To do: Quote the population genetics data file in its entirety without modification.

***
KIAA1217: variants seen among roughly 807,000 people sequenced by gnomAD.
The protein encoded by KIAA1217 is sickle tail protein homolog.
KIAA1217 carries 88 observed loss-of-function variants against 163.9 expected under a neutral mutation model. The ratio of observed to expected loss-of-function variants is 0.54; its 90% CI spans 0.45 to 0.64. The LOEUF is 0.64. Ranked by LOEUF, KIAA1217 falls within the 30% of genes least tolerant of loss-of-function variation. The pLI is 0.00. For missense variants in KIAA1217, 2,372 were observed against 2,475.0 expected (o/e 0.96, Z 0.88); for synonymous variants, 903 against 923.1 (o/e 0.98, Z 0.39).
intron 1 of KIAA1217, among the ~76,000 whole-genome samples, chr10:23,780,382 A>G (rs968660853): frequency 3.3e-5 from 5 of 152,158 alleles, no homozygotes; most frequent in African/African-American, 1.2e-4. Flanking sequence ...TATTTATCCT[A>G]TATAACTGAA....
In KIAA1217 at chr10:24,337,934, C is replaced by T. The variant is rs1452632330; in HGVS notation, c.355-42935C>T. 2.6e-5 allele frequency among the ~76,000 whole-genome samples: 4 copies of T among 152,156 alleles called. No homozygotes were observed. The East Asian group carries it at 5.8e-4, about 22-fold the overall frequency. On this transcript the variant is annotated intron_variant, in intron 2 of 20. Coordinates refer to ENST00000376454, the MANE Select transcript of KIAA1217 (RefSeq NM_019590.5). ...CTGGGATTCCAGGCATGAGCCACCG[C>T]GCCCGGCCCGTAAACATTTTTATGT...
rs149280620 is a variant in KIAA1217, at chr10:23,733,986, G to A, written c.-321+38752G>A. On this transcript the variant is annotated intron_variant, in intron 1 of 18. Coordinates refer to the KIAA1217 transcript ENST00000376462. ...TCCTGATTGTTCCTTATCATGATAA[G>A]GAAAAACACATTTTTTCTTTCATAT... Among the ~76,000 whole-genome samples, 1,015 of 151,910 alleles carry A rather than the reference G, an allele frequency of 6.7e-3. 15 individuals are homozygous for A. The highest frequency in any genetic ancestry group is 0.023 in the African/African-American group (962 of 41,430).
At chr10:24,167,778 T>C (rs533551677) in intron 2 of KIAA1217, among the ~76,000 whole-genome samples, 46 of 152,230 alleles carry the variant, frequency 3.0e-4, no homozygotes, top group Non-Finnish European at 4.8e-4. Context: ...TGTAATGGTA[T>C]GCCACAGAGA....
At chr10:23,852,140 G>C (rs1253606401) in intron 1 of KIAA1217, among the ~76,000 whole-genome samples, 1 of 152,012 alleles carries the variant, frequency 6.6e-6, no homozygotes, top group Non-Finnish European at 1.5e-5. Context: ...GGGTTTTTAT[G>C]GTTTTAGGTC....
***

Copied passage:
KIAA1217: variants seen among roughly 807,000 people sequenced by gnomAD.
The protein encoded by KIAA1217 is sickle tail protein homolog.
KIAA1217 carries 88 observed loss-of-function variants against 163.9 expected under a neutral mutation model. The ratio of observed to expected loss-of-function variants is 0.54; its 90% CI spans 0.45 to 0.64. The LOEUF is 0.64. Ranked by LOEUF, KIAA1217 falls within the 30% of genes least tolerant of loss-of-function variation. The pLI is 0.00. For missense variants in KIAA1217, 2,372 were observed against 2,475.0 expected (o/e 0.96, Z 0.88); for synonymous variants, 903 against 923.1 (o/e 0.98, Z 0.39).
intron 1 of KIAA1217, among the ~76,000 whole-genome samples, chr10:23,780,382 A>G (rs968660853): frequency 3.3e-5 from 5 of 152,158 alleles, no homozygotes; most frequent in African/African-American, 1.2e-4. Flanking sequence ...TATTTATCCT[A>G]TATAACTGAA....
In KIAA1217 at chr10:24,337,934, C is replaced by T. The variant is rs1452632330; in HGVS notation, c.355-42935C>T. 2.6e-5 allele frequency among the ~76,000 whole-genome samples: 4 copies of T among 152,156 alleles called. No homozygotes were observed. The East Asian group carries it at 5.8e-4, about 22-fold the overall frequency. On this transcript the variant is annotated intron_variant, in intron 2 of 20. Coordinates refer to ENST00000376454, the MANE Select transcript of KIAA1217 (RefSeq NM_019590.5). ...CTGGGATTCCAGGCATGAGCCACCG[C>T]GCCCGGCCCGTAAACATTTTTATGT...
rs149280620 is a variant in KIAA1217, at chr10:23,733,986, G to A, written c.-321+38752G>A. On this transcript the variant is annotated intron_variant, in intron 1 of 18. Coordinates refer to the KIAA1217 transcript ENST00000376462. ...TCCTGATTGTTCCTTATCATGATAA[G>A]GAAAAACACATTTTTTCTTTCATAT... Among the ~76,000 whole-genome samples, 1,015 of 151,910 alleles carry A rather than the reference G, an allele frequency of 6.7e-3. 15 individuals are homozygous for A. The highest frequency in any genetic ancestry group is 0.023 in the African/African-American group (962 of 41,430).
At chr10:24,167,778 T>C (rs533551677) in intron 2 of KIAA1217, among the ~76,000 whole-genome samples, 46 of 152,230 alleles carry the variant, frequency 3.0e-4, no homozygotes, top group Non-Finnish European at 4.8e-4. Context: ...TGTAATGGTA[T>C]GCCACAGAGA....
At chr10:23,852,140 G>C (rs1253606401) in intron 1 of KIAA1217, among the ~76,000 whole-genome samples, 1 of 152,012 alleles carries the variant, frequency 6.6e-6, no homozygotes, top group Non-Finnish European at 1.5e-5. Context: ...GGGTTTTTAT[G>C]GTTTTAGGTC....